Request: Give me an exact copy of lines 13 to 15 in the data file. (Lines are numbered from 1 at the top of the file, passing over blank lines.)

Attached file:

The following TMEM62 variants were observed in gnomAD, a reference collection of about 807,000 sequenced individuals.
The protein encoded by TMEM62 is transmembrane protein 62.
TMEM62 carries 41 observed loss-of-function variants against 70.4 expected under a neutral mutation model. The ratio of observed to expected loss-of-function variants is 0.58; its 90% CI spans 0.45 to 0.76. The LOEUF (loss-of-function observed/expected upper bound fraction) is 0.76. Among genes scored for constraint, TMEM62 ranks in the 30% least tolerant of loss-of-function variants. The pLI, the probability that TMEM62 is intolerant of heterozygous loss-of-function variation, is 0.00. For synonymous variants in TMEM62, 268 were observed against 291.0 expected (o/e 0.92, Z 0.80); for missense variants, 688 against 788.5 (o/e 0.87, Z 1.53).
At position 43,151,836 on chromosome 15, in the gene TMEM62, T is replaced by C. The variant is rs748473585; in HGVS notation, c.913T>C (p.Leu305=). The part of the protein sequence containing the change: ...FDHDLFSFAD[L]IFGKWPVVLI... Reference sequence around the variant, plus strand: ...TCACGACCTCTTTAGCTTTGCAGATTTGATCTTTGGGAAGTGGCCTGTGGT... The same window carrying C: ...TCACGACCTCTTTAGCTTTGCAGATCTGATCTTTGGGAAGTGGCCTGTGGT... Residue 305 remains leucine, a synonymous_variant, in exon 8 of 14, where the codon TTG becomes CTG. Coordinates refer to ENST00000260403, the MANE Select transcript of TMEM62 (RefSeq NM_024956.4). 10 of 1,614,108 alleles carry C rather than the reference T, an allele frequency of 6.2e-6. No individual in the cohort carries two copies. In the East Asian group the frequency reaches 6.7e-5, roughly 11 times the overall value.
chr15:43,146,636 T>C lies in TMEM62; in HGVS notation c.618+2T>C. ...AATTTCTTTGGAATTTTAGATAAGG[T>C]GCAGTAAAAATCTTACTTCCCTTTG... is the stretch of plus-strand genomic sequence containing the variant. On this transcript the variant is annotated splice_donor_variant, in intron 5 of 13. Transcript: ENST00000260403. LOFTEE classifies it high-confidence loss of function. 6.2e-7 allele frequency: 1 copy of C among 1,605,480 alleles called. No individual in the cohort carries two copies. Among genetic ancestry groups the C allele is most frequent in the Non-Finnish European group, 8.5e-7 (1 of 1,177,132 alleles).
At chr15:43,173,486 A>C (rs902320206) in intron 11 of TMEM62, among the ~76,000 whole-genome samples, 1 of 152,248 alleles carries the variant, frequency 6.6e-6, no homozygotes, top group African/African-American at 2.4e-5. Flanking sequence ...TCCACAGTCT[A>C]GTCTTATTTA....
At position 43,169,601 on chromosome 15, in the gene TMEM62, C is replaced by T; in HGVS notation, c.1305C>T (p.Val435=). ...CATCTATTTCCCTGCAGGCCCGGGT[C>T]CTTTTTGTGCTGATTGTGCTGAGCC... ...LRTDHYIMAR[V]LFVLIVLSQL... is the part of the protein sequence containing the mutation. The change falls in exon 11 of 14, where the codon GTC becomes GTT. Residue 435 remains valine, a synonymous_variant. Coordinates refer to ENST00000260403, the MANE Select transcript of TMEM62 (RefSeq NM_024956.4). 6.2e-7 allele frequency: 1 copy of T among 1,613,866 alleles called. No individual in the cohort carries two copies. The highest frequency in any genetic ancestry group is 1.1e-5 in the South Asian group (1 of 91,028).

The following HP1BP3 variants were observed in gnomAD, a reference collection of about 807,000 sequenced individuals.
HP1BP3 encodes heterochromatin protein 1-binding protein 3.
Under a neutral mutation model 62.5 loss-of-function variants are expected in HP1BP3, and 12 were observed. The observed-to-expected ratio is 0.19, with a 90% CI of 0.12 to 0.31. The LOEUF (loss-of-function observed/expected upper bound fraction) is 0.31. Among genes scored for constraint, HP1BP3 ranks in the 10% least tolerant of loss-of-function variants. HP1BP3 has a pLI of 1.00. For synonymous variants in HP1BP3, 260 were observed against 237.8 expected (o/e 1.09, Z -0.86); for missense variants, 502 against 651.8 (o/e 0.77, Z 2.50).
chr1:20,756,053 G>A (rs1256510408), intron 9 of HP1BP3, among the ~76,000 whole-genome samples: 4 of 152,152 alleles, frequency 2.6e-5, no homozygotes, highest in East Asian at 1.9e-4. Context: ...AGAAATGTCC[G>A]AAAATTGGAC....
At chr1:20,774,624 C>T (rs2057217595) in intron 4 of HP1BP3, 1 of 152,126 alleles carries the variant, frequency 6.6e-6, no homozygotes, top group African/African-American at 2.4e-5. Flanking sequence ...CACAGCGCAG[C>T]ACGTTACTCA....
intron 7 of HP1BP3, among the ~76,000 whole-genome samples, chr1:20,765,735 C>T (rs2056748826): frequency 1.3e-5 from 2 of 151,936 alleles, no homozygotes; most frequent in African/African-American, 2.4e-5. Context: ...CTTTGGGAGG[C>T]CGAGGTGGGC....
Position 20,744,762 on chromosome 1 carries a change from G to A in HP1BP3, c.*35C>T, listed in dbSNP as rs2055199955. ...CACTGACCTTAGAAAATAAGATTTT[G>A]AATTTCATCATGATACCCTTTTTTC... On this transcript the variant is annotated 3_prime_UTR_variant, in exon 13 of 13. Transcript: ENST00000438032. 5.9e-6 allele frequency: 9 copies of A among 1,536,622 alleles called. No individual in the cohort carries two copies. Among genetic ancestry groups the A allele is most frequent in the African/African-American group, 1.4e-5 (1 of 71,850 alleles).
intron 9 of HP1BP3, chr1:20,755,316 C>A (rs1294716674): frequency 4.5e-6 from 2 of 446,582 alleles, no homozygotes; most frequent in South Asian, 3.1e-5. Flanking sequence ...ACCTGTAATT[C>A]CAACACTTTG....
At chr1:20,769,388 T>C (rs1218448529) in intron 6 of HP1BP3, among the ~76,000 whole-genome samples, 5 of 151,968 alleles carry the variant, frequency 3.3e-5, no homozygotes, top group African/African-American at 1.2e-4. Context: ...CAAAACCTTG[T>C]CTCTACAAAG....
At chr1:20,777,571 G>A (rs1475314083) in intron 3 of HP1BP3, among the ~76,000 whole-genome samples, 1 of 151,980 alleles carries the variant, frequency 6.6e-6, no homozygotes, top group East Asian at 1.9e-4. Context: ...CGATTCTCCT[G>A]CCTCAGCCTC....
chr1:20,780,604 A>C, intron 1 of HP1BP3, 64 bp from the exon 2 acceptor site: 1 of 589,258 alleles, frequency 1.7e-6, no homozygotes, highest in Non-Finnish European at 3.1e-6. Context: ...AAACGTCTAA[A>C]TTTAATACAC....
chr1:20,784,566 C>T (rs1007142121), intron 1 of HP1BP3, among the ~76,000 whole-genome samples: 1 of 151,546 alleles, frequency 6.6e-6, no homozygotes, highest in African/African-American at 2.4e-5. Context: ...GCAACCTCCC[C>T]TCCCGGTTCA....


intron 7 of HP1BP3, among the ~76,000 whole-genome samples, chr1:20,765,735 C>T (rs2056748826): frequency 1.3e-5 from 2 of 151,936 alleles, no homozygotes; most frequent in African/African-American, 2.4e-5. Context: ...CTTTGGGAGG[C>T]CGAGGTGGGC....
Position 20,744,762 on chromosome 1 carries a change from G to A in HP1BP3, c.*35C>T, listed in dbSNP as rs2055199955. ...CACTGACCTTAGAAAATAAGATTTT[G>A]AATTTCATCATGATACCCTTTTTTC... On this transcript the variant is annotated 3_prime_UTR_variant, in exon 13 of 13. Transcript: ENST00000438032. 5.9e-6 allele frequency: 9 copies of A among 1,536,622 alleles called. No individual in the cohort carries two copies. Among genetic ancestry groups the A allele is most frequent in the African/African-American group, 1.4e-5 (1 of 71,850 alleles).
intron 9 of HP1BP3, chr1:20,755,316 C>A (rs1294716674): frequency 4.5e-6 from 2 of 446,582 alleles, no homozygotes; most frequent in South Asian, 3.1e-5. Flanking sequence ...ACCTGTAATT[C>A]CAACACTTTG....